They were tasked with searching for the leak’s source, which worryingly appeared to be rapidly growing.
The ISS members systematically shut compartment hatches and employed an ultrasonic leak detector to collect data.
Using this technique, the trio eventually traced the leak to the Zvezda Service Module.
However, exactly where the leak is inside the Russian module has yet to be found.
Instead, it only appeared larger due to a temporary change in temperature.
NASA said in a statement: “One by one, the crew closed hatches between Zvezda’s aft and forward sections and Zvezda’s passageways to the Pirs Docking Compartment and the Poisk module while using an ultrasonic leak detector to collect data.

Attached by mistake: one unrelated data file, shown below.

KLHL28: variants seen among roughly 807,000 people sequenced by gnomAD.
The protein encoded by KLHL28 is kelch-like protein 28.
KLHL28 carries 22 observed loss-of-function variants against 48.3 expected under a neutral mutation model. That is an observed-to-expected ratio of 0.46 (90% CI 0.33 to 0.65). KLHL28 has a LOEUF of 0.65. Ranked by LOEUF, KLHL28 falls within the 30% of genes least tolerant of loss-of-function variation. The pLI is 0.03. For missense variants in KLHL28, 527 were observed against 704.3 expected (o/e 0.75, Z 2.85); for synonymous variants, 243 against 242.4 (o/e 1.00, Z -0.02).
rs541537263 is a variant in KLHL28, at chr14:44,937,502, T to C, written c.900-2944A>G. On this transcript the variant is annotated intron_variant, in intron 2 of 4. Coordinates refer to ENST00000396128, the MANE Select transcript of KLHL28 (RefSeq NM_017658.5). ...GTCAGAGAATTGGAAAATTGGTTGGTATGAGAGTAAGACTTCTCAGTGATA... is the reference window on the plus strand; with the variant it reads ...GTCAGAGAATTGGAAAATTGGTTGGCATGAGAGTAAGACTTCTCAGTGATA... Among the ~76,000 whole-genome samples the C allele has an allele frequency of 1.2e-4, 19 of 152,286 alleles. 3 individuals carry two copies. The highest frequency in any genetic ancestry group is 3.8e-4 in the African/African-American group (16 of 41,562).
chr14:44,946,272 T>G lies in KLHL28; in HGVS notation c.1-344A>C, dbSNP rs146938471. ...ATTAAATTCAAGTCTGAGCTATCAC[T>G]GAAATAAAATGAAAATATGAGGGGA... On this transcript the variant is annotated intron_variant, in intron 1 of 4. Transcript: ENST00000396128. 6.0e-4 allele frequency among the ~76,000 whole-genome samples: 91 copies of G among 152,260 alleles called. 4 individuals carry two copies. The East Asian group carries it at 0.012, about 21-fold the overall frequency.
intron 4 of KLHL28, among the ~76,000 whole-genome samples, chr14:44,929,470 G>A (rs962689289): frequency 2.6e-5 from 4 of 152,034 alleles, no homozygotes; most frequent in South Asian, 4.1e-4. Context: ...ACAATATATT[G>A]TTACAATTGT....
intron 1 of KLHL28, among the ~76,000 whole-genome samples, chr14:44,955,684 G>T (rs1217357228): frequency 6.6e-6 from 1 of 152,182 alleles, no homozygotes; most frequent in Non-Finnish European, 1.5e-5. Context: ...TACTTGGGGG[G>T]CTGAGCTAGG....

“Throughout the night, pressure measurements were taken to try to isolate the source of the leak.
“At the completion of the overnight checks, the crew opened hatches once again between the US and Russian segments and resumed regular activities.”
The space agency added the crew had confirmed the leak was in the main work area of the Zvezda module by Tuesday morning.
NASA said in a blog post: “Additional work is needed to locate the exact source of the leak.”
In August the crew members were ordered to house themselves in the Zvezda compartment while ground control carried out an unsuccessful hunt for the leak.
After this search failed to detect the leak, NASA admitted the source was probably in either the Zvezda or Poisk Mini-Research module, serving as a docking station for incoming spaceships.
NASA said: “With the crew living and working in these modules, it was impossible to achieve the proper environmental conditions necessary for this test.”